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© Borgis - New Medicine 1/2003, s. 47-48
Agnieszka Lipień, Inga Mazurek
The relationship between urinary tract infection and urinary anomalies in newborns and infants
Students´ Scientific Society – Department of Newborn Pathology The Medical University of Warsaw
Protector of Students´ Association: Zofia Rajtar-Leontiew MD, PhD
1. Introduction
One of the frequent causes of hospitalization among infants (3-4%) is urinary tract infection (UTI). It is characteristic that urinary anomalies are very often (15-20%) responsible for the occurrence of UTI. Early infection diagnostics may result in recognition of suitable treatment for or surgical correction of such anomalies. This is essential in preventing consequential conditions, auch as renal failure.
2. Aim
The aim of our study was to evaluate:
1. The frequency of UTI in newborns and infants with identified urinary anomalies.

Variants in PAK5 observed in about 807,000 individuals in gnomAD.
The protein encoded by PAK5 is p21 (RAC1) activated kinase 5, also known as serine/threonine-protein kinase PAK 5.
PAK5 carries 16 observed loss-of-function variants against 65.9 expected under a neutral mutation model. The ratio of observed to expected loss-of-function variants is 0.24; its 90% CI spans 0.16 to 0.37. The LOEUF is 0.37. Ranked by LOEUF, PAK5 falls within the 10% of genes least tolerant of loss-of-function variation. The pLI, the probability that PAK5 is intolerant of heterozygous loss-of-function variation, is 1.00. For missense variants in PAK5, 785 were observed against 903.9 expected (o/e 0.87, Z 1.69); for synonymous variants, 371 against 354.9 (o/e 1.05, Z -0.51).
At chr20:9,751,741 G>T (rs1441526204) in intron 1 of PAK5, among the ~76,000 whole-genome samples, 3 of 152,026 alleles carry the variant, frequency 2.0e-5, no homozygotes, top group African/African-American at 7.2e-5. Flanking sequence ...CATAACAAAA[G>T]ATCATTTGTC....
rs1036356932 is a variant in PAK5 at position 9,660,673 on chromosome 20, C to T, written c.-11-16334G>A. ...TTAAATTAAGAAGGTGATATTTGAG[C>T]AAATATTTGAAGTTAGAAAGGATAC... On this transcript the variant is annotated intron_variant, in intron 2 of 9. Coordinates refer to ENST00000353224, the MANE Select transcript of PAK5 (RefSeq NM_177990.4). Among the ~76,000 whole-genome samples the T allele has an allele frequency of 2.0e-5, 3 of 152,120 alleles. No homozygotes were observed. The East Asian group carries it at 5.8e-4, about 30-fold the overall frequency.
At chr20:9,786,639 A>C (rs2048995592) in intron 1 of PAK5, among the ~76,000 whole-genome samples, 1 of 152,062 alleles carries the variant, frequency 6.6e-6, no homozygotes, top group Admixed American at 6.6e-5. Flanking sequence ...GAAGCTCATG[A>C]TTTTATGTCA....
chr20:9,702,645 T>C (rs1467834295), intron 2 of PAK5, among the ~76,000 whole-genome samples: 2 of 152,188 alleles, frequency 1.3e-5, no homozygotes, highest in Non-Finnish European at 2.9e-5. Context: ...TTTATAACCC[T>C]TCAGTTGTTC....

2. The occurrence of UTI in female and male cases.
3. Materials and methods
Retrospective analysis was carried out on the medical documentation of 184 patients aged up to 1 year (105 male, 79 female) with identified or suspected urinary anomalies. The patients were hospitalized in the Department of Newborn Pathology and in the Department of Paediatric Diabetology and Congenital Defects of the Medical University of Warsaw in the years 2000 to 2002.
4. Results:

DiagnosisNo. of patients%No. femaleNo. malePatients with UTI
No.%% F% M
1. Identified urinary anomalies:6233.728342540.335.744.1
1. Vesicoureteral reflux4524.422231635.527.343.5
1. Hydronephrosis94.945444.450.060.0
2. Suspected urinary anomalies:12266.351716654.164.746.5
1. Anomalies excluded7440.236383750.061.139.5
1. Diagnosis not completed4826.115332960.473.354.5
5. Conclusions
1. Urinary tract infections occur in 40.3% of infants with urinary anomalies.
2. Vesicoureteral reflux (35.5%) and hydronephrosis (44.4) are the most common conditions occuring with infection.
3. The frequency of UTI in females (54.4%) was slightly higher than in male (45.7%).
4. Every infant with UTI should be hospitalised in order to confirm or exclude urinary anomalies.
New Medicine 1/2003
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